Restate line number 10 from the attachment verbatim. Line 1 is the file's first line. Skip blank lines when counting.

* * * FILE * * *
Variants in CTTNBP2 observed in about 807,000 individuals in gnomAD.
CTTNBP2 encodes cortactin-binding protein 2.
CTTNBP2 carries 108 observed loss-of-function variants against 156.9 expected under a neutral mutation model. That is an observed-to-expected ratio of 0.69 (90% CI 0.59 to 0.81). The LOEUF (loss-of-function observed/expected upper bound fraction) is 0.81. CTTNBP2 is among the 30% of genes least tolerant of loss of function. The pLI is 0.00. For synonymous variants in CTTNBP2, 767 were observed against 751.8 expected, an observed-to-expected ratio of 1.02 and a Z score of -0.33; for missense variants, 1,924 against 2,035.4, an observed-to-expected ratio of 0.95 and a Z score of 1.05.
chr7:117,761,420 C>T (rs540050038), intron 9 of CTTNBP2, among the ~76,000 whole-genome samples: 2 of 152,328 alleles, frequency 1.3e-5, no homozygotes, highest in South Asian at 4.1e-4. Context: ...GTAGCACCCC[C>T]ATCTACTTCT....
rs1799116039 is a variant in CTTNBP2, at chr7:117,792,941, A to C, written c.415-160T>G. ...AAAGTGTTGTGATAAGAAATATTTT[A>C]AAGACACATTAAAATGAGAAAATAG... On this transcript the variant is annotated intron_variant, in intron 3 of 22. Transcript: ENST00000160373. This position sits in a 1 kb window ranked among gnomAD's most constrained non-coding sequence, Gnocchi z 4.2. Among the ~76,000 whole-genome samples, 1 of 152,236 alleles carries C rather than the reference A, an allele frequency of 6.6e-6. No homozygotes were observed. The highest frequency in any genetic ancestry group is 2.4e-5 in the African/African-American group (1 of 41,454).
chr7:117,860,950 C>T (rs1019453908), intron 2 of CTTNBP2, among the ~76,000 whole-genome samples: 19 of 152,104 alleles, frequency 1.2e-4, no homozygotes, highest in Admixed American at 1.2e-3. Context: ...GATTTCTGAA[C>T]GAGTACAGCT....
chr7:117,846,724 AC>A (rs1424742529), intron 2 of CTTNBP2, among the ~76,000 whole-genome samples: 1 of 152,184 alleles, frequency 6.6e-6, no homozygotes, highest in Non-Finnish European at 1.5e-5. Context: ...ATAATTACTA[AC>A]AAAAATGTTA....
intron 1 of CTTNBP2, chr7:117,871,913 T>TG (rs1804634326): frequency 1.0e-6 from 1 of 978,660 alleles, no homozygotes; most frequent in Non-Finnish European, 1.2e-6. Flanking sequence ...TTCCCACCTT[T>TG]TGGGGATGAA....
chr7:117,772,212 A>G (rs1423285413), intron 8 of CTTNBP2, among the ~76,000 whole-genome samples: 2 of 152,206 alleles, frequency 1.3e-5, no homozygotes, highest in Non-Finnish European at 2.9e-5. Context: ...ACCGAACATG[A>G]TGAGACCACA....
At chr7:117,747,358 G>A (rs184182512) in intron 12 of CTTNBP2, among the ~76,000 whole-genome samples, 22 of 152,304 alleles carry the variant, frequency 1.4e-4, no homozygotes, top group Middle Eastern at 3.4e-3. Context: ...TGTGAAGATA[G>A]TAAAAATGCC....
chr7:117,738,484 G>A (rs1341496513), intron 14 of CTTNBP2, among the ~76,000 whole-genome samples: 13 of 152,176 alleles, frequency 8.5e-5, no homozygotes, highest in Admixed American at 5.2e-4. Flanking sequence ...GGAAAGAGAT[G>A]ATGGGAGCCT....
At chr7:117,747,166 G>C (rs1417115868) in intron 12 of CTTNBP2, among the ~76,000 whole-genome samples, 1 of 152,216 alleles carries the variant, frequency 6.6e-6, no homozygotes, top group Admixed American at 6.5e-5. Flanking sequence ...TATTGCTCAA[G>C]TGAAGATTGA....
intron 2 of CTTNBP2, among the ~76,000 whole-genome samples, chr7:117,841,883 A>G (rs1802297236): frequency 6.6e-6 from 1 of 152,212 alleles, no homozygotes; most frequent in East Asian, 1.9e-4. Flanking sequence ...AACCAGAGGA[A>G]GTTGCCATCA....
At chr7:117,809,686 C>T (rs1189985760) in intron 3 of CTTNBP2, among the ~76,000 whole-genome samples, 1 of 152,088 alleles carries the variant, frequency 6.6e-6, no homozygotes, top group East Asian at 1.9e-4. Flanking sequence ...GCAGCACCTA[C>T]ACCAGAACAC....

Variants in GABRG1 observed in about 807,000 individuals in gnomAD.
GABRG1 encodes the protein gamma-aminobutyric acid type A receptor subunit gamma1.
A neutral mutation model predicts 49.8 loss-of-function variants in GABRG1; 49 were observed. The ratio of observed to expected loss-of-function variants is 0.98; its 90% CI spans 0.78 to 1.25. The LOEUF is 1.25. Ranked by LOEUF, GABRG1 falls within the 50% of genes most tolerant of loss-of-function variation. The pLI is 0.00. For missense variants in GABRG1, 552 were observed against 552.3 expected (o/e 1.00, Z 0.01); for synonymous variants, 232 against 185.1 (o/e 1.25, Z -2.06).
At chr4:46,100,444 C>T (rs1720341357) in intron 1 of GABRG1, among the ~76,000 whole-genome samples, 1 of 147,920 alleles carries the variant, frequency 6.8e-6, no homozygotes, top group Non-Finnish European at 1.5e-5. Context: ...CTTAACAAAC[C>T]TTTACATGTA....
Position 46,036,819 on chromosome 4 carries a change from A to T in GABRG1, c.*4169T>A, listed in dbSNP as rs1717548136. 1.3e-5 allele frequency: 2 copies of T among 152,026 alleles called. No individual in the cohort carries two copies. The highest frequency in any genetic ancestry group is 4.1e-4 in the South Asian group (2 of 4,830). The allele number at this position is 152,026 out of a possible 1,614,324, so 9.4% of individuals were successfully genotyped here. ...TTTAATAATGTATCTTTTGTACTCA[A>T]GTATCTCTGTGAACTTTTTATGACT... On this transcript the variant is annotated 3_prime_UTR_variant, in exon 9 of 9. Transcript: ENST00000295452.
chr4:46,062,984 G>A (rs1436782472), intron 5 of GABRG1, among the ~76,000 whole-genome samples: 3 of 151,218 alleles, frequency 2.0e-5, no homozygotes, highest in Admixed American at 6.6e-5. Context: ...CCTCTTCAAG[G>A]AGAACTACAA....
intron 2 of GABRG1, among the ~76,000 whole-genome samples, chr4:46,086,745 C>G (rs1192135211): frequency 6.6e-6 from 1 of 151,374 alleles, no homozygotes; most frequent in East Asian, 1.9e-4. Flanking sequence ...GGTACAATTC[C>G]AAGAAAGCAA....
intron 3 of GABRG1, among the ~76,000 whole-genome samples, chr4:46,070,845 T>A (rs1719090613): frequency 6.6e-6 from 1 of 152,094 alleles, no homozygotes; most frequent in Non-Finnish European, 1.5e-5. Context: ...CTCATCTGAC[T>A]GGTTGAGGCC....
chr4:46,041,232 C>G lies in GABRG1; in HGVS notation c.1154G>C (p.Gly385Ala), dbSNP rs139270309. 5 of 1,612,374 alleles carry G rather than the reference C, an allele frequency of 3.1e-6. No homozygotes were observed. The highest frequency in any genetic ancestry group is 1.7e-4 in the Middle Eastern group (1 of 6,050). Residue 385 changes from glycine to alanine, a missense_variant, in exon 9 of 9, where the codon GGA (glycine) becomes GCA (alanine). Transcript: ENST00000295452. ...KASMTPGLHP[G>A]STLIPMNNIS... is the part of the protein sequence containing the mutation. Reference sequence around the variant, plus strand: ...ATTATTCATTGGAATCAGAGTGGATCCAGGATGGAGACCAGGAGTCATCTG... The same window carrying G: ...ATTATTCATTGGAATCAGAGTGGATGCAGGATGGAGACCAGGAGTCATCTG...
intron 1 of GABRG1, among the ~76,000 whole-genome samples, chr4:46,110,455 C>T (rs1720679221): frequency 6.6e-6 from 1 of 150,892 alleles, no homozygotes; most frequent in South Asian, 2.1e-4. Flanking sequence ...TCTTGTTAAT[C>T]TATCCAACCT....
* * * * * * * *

At chr7:117,747,358 G>A (rs184182512) in intron 12 of CTTNBP2, among the ~76,000 whole-genome samples, 22 of 152,304 alleles carry the variant, frequency 1.4e-4, no homozygotes, top group Middle Eastern at 3.4e-3. Context: ...TGTGAAGATA[G>A]TAAAAATGCC....